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Reflection on Tim Ingold (2000): Perception of the Environment
Everything is connected, everything is changing and everyone should himself as part of that world. One might summarize Tim Ingold’s ideas in these three short sentences. In chapter eight Ingold compares the genealogical model of life against the relational one, coming to the conclusion that the former is doing harm to indigenous people’s strong connection to land. In chapter eleven the author explains why landscape is always temporal: with activities by all kinds of entities always going on, landscape is under continuous construction. Finally, in chapter thirteen he elaborates his idea that the notion of the “global environment” reflects a major shift from Western self-perception as being out- or onside the world but not inside it. All three reading meet one important point: that modern humans are detached from the conditions of life (land) and the beings who dwell in it (other humans, animals and even inanimate entities), leading to an even further deterioration of both things that make up the world.
Tim Ingold’s writing is challenging but as soon as the reader reaches a certain point and imagines herself outside in a local environment and viewing the world from that perspectives, life gets a new shade, a new colour. Ingold might find such high resonance because a large number of so-called “informed” modern beings feel that something “is going wrong out there” (note the representation of taskscape – “going” and of landscape “out there” in that expression), that we “lost touch with nature” and that the way authorities who produce knowledge in our societies – including universities – explain or even justify our detachment from the world, is deeply discouraging. In contrast, through the Ingold’s lens one can see oneself in a “native” or “original” position as another ecological being. The critical question that arises here is what a person can do from such a starting point.
Everything is connected, everything is changing and everyone should himself as part of that world. It’s so simple – and can be easily in one’s direct environment, let say a garden or forest. It is so difficult however – to transfer the relational model on larger social or even political structures. As I am on the edge between Political Science and Environmental History this point is fundamental for me: to discover basic assumptions about humans and their environment and to analyze how they play into political discourses and consequently social structures. Moreover I see academic work as responsible for offering alternative assumptions that might contribute to a more balanced world. Taking Ingold as an example here, on can ask for the practical application of his alternative conception of indigenousness in chapter eight.
As Ingold highlights, indigenous people have an ontological connection to land. Their identities and survival depends on the land they dwell in, with neighbouring beings – be it relatives or other human or non-human entities – teaching the knowledge on how to do that. National or international policies for the protection of indigenous people which see “descent” as the medium through which distinctive features of being are transmitted is neglecting this connection, according to Ingold. But how should an alternative policy look like that defines indigenousness in such a way? The answer might be to give people the right to dwell in a certain land however it pleases them. It would entail to create autonomous spheres within the nation state and leaving it to the people. But how should be decided who is part of such a group or not? Here we realize that Ingold’s relational model could be implemented for indigenous people in the “classical” sense, that means groups that have not or just recently been in contact with any other modern culture but happen to be within the boundaries of a nation state. The number of these groups might be small – compared to the one who call themselves “indigenous” while living more ore less in the realm of modernity. These people hold a somewhat “hybrid” identity and if society wants to empower these groups than we might rather think of a model that combines the genealogical and the relational one.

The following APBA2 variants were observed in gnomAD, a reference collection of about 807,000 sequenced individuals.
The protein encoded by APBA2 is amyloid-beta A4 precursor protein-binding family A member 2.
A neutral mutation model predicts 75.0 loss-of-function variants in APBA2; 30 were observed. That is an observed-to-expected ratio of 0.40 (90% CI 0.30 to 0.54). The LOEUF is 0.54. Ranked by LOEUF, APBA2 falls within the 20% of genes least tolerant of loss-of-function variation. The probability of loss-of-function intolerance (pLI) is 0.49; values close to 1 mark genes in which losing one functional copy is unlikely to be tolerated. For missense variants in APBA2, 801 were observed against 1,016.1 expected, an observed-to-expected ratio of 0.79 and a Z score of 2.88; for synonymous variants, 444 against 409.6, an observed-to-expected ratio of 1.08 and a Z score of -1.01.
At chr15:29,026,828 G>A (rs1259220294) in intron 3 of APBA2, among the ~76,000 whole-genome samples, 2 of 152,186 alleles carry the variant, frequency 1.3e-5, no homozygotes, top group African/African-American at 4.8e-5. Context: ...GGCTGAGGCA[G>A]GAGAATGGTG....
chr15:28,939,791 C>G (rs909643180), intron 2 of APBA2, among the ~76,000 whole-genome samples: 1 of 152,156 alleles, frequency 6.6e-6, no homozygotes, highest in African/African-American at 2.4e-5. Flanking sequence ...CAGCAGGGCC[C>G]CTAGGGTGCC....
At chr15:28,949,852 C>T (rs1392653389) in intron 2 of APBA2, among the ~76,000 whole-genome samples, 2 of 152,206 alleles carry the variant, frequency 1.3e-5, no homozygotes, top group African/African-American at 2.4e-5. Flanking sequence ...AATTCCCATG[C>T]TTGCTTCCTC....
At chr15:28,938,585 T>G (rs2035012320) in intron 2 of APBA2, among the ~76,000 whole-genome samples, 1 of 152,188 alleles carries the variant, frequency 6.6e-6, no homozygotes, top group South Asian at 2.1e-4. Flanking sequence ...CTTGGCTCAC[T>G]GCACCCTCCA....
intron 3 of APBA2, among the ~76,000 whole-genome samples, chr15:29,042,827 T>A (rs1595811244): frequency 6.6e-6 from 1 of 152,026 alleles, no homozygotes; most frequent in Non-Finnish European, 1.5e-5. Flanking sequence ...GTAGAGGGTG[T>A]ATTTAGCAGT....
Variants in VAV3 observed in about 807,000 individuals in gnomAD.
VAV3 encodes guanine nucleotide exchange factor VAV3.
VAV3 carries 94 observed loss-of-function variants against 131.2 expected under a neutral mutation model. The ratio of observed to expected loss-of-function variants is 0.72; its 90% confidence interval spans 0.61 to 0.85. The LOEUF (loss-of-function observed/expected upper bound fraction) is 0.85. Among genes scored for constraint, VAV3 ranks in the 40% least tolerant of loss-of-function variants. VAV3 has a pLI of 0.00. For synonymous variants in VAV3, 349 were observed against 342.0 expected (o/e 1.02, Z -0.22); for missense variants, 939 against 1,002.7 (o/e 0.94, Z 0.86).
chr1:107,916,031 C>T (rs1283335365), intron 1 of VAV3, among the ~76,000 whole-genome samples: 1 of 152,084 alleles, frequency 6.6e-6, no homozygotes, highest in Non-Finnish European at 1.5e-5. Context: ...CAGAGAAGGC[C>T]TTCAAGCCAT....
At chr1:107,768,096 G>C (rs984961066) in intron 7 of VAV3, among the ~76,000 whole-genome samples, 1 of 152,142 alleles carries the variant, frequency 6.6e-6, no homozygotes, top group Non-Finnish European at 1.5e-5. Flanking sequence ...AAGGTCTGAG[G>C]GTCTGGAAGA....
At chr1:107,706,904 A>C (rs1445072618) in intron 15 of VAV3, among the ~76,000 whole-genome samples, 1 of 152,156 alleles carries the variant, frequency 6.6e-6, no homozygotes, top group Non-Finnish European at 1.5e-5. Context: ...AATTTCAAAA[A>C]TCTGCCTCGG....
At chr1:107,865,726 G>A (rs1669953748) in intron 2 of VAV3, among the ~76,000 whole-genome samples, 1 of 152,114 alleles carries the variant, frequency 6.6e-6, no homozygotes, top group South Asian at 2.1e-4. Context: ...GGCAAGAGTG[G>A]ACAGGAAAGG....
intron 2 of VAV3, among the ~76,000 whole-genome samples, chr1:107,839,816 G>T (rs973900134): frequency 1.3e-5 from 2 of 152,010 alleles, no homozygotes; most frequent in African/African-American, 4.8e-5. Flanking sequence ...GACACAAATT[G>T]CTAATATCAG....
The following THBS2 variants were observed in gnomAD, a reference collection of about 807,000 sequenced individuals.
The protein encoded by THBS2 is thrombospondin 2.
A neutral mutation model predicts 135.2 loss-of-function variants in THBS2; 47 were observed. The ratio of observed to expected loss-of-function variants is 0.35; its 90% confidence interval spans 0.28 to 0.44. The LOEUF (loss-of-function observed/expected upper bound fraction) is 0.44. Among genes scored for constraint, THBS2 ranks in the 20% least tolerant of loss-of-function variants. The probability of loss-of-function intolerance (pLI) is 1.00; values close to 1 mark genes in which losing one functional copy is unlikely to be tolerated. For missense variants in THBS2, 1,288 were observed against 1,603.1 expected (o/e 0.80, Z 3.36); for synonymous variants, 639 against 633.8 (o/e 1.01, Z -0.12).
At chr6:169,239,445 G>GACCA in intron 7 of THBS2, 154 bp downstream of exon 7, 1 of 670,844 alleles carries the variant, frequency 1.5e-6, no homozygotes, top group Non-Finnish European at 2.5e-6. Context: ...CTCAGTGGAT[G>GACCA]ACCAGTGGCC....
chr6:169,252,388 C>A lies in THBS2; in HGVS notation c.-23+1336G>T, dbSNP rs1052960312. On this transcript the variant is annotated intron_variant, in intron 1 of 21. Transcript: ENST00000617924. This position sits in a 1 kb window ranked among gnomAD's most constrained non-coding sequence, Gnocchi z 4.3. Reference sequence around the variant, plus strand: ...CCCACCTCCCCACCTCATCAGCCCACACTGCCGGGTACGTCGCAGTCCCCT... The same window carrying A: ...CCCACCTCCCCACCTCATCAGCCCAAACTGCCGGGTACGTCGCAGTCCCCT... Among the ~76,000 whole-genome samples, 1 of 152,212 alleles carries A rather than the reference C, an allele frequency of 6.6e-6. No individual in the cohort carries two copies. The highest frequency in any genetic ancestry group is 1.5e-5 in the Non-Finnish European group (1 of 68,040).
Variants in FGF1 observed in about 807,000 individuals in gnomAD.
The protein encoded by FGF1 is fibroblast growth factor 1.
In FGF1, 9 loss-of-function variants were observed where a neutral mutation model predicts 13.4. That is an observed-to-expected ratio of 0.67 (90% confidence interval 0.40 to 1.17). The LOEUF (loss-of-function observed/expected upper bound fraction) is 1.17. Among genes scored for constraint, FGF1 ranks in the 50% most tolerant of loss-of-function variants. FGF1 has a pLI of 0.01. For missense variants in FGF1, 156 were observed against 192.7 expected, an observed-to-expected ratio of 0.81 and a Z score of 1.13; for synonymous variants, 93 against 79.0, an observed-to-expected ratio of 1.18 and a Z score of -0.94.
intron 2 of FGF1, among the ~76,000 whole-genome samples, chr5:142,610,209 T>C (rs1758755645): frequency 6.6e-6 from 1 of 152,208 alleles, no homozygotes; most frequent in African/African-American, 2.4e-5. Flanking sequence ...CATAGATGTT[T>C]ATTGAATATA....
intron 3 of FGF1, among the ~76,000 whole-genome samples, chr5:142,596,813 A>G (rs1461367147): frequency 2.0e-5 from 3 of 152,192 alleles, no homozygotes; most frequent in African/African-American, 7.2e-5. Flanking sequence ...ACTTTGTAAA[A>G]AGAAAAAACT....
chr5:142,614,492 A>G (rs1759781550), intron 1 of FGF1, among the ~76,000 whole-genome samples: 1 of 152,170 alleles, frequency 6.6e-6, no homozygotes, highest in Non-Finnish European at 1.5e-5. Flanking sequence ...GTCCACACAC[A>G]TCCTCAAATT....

To give an example, without being an expert on that issue: the right to herd reindeers in Sweden is exclusively given to Samí and thus more or less depending on descent, as those the right to vote for the Samí parliament. Through this regularities, a boundary is drawn not only between the Samí and the Swedish population but also to the nation state. One can argue that this boundary should be shifted even further to give the Samí more rights and privileges – but that would construct a certain image of Samí as a group that is so much different from the modern Swedish society and state that they cannot coexist. I would rather argue that a dissolving of that boundary would be more favorable to preserve the Samí way of living. By leaving the power on how far that dissolving should go the now-existing Samí population, an exchange of how to dwell in Northern Scandinavia could be triggered, involving “native” Swedes, Norwegians and Fins. The product would be a hybrid identity in the beginning and perhaps a relational one in the end – when the way of living and identities are solely constituted through active interaction with ones’ surroundings. However, this thought experiment has not taken into account the strong aversion of the nation state and several elites against such a resituating of identity – and that’s what every discussion on indigenousness, be it inspired by Ingold or not, should be highly concerned with.
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